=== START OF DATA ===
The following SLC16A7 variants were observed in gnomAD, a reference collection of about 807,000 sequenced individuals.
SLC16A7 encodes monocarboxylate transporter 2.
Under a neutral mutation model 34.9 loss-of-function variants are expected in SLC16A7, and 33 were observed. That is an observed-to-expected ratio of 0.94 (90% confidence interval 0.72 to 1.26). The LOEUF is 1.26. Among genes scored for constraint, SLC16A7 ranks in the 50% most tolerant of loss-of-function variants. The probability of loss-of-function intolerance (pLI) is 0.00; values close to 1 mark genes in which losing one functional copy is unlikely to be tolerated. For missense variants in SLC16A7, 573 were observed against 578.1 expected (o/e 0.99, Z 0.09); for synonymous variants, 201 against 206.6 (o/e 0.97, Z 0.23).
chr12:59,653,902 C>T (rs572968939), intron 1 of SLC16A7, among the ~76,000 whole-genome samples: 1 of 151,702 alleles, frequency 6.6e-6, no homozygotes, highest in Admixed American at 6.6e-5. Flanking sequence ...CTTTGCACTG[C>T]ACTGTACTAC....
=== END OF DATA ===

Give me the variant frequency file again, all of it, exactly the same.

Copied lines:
The following SLC16A7 variants were observed in gnomAD, a reference collection of about 807,000 sequenced individuals.
SLC16A7 encodes monocarboxylate transporter 2.
Under a neutral mutation model 34.9 loss-of-function variants are expected in SLC16A7, and 33 were observed. That is an observed-to-expected ratio of 0.94 (90% confidence interval 0.72 to 1.26). The LOEUF is 1.26. Among genes scored for constraint, SLC16A7 ranks in the 50% most tolerant of loss-of-function variants. The probability of loss-of-function intolerance (pLI) is 0.00; values close to 1 mark genes in which losing one functional copy is unlikely to be tolerated. For missense variants in SLC16A7, 573 were observed against 578.1 expected (o/e 0.99, Z 0.09); for synonymous variants, 201 against 206.6 (o/e 0.97, Z 0.23).
chr12:59,653,902 C>T (rs572968939), intron 1 of SLC16A7, among the ~76,000 whole-genome samples: 1 of 151,702 alleles, frequency 6.6e-6, no homozygotes, highest in Admixed American at 6.6e-5. Flanking sequence ...CTTTGCACTG[C>T]ACTGTACTAC....